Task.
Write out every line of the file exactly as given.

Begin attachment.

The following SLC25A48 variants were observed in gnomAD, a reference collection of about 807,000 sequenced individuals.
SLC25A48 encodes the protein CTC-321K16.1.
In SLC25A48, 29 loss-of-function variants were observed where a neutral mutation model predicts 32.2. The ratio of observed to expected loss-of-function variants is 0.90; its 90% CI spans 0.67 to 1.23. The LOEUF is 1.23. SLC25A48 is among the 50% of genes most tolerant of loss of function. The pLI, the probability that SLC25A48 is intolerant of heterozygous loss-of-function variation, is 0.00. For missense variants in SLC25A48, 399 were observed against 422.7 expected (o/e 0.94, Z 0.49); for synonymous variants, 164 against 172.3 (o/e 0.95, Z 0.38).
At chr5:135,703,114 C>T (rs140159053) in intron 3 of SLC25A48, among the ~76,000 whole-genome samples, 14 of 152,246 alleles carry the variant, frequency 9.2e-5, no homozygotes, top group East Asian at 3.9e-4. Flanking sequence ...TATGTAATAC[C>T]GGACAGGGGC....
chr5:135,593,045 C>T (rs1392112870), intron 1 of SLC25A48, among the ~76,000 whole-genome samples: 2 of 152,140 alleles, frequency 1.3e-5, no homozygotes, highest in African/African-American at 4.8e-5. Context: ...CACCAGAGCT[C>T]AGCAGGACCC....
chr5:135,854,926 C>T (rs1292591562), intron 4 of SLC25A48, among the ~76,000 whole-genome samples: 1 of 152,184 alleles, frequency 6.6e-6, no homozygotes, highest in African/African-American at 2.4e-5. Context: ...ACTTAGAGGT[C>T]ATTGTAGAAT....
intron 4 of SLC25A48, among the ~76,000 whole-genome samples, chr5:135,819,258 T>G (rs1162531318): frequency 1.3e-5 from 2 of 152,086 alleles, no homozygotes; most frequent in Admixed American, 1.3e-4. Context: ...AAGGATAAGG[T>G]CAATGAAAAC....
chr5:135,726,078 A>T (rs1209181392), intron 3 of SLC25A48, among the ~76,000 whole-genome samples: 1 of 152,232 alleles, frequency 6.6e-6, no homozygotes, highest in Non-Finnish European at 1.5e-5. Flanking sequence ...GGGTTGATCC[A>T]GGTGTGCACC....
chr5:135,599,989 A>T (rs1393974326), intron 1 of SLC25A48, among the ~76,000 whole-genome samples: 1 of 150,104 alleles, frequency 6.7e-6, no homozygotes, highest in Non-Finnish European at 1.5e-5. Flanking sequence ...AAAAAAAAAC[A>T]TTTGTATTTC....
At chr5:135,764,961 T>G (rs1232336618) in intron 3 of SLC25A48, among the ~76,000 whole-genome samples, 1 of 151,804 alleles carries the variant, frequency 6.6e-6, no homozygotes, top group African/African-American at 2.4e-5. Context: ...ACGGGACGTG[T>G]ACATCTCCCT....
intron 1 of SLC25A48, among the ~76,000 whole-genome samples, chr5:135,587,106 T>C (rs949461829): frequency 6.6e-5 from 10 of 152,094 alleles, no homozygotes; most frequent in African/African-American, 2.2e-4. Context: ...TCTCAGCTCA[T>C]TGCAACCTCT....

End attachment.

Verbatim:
The following SLC25A48 variants were observed in gnomAD, a reference collection of about 807,000 sequenced individuals.
SLC25A48 encodes the protein CTC-321K16.1.
In SLC25A48, 29 loss-of-function variants were observed where a neutral mutation model predicts 32.2. The ratio of observed to expected loss-of-function variants is 0.90; its 90% CI spans 0.67 to 1.23. The LOEUF is 1.23. SLC25A48 is among the 50% of genes most tolerant of loss of function. The pLI, the probability that SLC25A48 is intolerant of heterozygous loss-of-function variation, is 0.00. For missense variants in SLC25A48, 399 were observed against 422.7 expected (o/e 0.94, Z 0.49); for synonymous variants, 164 against 172.3 (o/e 0.95, Z 0.38).
At chr5:135,703,114 C>T (rs140159053) in intron 3 of SLC25A48, among the ~76,000 whole-genome samples, 14 of 152,246 alleles carry the variant, frequency 9.2e-5, no homozygotes, top group East Asian at 3.9e-4. Flanking sequence ...TATGTAATAC[C>T]GGACAGGGGC....
chr5:135,593,045 C>T (rs1392112870), intron 1 of SLC25A48, among the ~76,000 whole-genome samples: 2 of 152,140 alleles, frequency 1.3e-5, no homozygotes, highest in African/African-American at 4.8e-5. Context: ...CACCAGAGCT[C>T]AGCAGGACCC....
chr5:135,854,926 C>T (rs1292591562), intron 4 of SLC25A48, among the ~76,000 whole-genome samples: 1 of 152,184 alleles, frequency 6.6e-6, no homozygotes, highest in African/African-American at 2.4e-5. Context: ...ACTTAGAGGT[C>T]ATTGTAGAAT....
intron 4 of SLC25A48, among the ~76,000 whole-genome samples, chr5:135,819,258 T>G (rs1162531318): frequency 1.3e-5 from 2 of 152,086 alleles, no homozygotes; most frequent in Admixed American, 1.3e-4. Context: ...AAGGATAAGG[T>G]CAATGAAAAC....
chr5:135,726,078 A>T (rs1209181392), intron 3 of SLC25A48, among the ~76,000 whole-genome samples: 1 of 152,232 alleles, frequency 6.6e-6, no homozygotes, highest in Non-Finnish European at 1.5e-5. Flanking sequence ...GGGTTGATCC[A>T]GGTGTGCACC....
chr5:135,599,989 A>T (rs1393974326), intron 1 of SLC25A48, among the ~76,000 whole-genome samples: 1 of 150,104 alleles, frequency 6.7e-6, no homozygotes, highest in Non-Finnish European at 1.5e-5. Flanking sequence ...AAAAAAAAAC[A>T]TTTGTATTTC....
At chr5:135,764,961 T>G (rs1232336618) in intron 3 of SLC25A48, among the ~76,000 whole-genome samples, 1 of 151,804 alleles carries the variant, frequency 6.6e-6, no homozygotes, top group African/African-American at 2.4e-5. Context: ...ACGGGACGTG[T>G]ACATCTCCCT....
intron 1 of SLC25A48, among the ~76,000 whole-genome samples, chr5:135,587,106 T>C (rs949461829): frequency 6.6e-5 from 10 of 152,094 alleles, no homozygotes; most frequent in African/African-American, 2.2e-4. Context: ...TCTCAGCTCA[T>C]TGCAACCTCT....